It’s a cause near and dear to her heart. Over the past few years Kris has lost several good friends plus a brother to these diseases. She is bound and determined to help fund research and discover preventative measures to stave off the onset of these lethal brain diseases. She believes that the key to mental health is physical fitness and having fun doing it.

So I sit here in the Lofoten Islands of Norway, Kris’s motherland,  awaiting her arrival to take on the next few climbs on her birthday ticklist. She’s also enlisted the partnership of another Chicks alumna, Diane Mielcarz, whose strength, wit, and wry sense of humor will no doubt contribute to the fun factor.

Please consider supporting Kris’ cause and donate if you are in a position to do so. Every little bit helps and this mountain is one to be climbed with a little help from our friends.

One of Norway’s blue lagoons. @Elaina Arentz

Wheels and Wings, My Favorite Things!

Karen Bockel, co-owner Chicks Climbing and Skiing, packs her rope-axe-picket-boots-rock shoes—everything any woman could possibly need! ©Karen Bockel

Karen Bockel, co-owner Chicks Climbing and Skiing, packs her rope-axe-picket-boots-rock shoes—everything any woman could possibly need! ©Karen Bockel


The Osprey Shuttle 130L is my favorite travel companion for overseas trips.

The Osprey Shuttle is the perfect wheeled luggage for mountain climbers and backcountry skiers.


A couple weeks ago, I was returning from a sailing and skiing trip to Iceland.

Lindsey and I were at the Reykjavik airport frantically packing several pairs of skis, skins, ropes, crampons and ice axes.

Three pairs of skis went into my ski bag.

All the group gear and my personal gear went into the Shuttle.

Without complaint, the Shuttle’s straight-jacket like compression straps contained the monstrous pile.

I picked up the ski bag, grabbed the Shuttle by the handle and wheeled it up to the counter, smiling like it and the ski bag were light… the result: no weighing of the bags and no charges!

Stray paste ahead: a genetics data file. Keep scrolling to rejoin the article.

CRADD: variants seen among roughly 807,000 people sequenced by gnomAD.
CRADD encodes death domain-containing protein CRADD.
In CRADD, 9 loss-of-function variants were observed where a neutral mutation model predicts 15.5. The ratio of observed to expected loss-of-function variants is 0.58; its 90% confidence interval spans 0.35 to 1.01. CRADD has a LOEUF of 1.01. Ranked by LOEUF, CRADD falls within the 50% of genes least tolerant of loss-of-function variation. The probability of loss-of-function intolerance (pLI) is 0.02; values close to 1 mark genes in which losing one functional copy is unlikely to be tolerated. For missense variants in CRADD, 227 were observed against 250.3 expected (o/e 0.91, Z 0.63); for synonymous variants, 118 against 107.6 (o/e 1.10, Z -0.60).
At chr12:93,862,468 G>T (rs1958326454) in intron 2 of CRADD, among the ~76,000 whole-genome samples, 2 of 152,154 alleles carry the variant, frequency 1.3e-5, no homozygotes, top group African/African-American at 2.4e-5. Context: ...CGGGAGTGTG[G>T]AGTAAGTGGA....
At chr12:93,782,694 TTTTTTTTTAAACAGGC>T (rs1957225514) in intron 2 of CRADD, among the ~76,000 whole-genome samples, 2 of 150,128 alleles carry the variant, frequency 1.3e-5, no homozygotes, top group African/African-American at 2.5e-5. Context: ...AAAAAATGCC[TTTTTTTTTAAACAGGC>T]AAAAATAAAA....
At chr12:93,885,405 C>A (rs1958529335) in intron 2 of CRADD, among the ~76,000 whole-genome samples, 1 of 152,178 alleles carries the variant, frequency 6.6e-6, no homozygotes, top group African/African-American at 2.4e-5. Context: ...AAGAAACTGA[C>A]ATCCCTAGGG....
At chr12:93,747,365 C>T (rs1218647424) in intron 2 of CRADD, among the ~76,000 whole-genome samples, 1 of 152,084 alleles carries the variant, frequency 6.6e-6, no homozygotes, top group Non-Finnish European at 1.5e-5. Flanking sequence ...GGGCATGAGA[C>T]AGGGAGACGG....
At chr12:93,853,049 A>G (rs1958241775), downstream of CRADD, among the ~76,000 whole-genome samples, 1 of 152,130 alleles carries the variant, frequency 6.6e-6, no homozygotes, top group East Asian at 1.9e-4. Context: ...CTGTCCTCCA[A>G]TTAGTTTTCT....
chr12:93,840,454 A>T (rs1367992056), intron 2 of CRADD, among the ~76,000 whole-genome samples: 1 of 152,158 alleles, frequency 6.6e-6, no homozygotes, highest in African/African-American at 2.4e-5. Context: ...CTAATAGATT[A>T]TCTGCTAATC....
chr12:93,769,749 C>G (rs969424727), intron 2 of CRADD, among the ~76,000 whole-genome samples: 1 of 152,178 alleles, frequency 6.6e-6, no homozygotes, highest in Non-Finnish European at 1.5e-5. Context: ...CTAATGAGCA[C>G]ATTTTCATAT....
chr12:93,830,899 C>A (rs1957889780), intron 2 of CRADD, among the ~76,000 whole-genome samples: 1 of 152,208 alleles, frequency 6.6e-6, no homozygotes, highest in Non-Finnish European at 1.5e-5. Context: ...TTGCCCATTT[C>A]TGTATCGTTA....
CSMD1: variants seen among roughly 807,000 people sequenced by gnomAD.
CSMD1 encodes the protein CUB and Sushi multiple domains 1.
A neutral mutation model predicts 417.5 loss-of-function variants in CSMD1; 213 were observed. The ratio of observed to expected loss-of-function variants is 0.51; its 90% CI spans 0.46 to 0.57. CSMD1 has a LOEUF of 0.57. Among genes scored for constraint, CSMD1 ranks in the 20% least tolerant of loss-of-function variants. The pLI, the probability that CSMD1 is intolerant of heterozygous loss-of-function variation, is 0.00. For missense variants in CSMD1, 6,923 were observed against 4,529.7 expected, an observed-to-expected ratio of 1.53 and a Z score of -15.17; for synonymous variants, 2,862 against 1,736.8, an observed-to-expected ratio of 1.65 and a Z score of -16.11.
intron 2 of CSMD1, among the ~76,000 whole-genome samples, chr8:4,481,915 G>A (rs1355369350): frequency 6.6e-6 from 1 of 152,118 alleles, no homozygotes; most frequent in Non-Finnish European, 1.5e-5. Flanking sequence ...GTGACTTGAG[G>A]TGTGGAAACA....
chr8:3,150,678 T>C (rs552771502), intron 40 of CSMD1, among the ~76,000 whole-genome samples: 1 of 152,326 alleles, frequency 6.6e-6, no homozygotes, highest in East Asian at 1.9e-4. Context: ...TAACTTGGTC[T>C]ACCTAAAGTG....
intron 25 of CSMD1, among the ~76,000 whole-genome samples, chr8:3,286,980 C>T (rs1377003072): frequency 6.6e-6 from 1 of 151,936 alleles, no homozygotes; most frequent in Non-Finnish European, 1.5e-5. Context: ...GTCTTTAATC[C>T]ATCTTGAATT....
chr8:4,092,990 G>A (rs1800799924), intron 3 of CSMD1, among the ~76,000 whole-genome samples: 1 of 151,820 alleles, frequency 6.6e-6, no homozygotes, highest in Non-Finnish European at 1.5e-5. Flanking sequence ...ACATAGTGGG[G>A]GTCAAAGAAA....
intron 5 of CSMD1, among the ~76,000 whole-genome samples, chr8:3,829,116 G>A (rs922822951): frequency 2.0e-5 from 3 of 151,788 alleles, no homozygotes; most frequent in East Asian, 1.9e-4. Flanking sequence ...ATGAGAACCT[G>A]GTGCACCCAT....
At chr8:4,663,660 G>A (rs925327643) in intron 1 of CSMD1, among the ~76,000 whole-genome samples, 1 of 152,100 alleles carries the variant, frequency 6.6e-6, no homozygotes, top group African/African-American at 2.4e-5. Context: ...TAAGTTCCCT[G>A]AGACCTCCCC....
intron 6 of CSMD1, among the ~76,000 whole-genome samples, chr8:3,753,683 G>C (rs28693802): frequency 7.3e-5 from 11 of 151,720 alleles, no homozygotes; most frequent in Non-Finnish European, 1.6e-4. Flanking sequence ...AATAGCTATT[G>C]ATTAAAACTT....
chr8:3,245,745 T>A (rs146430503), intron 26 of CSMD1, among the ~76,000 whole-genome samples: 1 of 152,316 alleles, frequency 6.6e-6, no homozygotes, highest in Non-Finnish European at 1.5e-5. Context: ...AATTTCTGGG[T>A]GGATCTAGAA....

Seriously, the Shuttle is the duffel of choice for me when I travel to faraway places.

It is quite lightweight in spite of the wheels (9.13 lbs), allowing me to max out the large volume with climbing and skiing gear.

There are a few different compartments, allowing discrete storage of important items: my passport and wallet fit neatly in the small zippered pocket at the top, the computer goes into the inside sleeve in the main compartment, and my washbag is at the ready in another zippered outside pocket.

The handle extends just a few inches beyond the duffel edges, but can be compressed and stowed away.

The wheels are of the 4-wheel drive variety, making gravel paths (and even stairs!) passable.

The duffel is well-constructed and true to Osprey’s legacy: padded sidewalls and external bumpers keep my gear safe inside bombproof ballistic nylon.

When I travel for skiing, I can strap my ski bag on top of the Shuttle and drag the whole enchilada behind me, leaving a hand free to carry other important things, like a cup of coffee.

So, whether you’re trying to sneak through the oversized gear check or simply transporting your gear to another continent, the Shuttle is highly recommended!

Chicks Training: Long Alpine Days

Carolyn Parker on a long alpine day on the SW Buttress of Makalu. ©Brendan Cusick.

Carolyn Parker on a long alpine day on the SW Buttress of Makalu. ©Brendan Cusick.

Do you have your sights set on an alpine trip?

Would you like to go to Mt Baker, take a trip to the Alps or do something in South America?

Alpine climbing is a mix of rock climbing, ice climbing, and endurance—12hr days, 20hr days, multiple 12hr days AND it always means carrying a pack!

Most people don’t live with the mountains in their back yard. For many the mountains are not easily accessible.

So how do you train for alpine days? How do you build an alpine-fitness base with what you have at your disposal?

Before you go on a trip you should have a good understanding of how long the days will be. This is where your preparation begins.

Tracking progress and including rest is key to motivation

Keep a log or a journal. Track what you do and when. This way you can see your improvement in writing.

Training is never as glamorous as we would like it to be

Follow three hard weeks of training with a fourth week of fun and active recovery. This will keep your mind sharp and body ready for three more weeks of hard work.

Climb with Weight

Start with 10 – 15lbs in a pack. Try to stay on the wall for 10 – 12 min at a time. Switch off with a partner so that your rest is their climbing time. Complete 3 – 5 rounds depending on your fitness.

Down Climb

Often we have to down climb in the mountains. Practice down climbing in the gym, or at the crag. Then try down climbing with your pack. This can be incorporated into idea #1.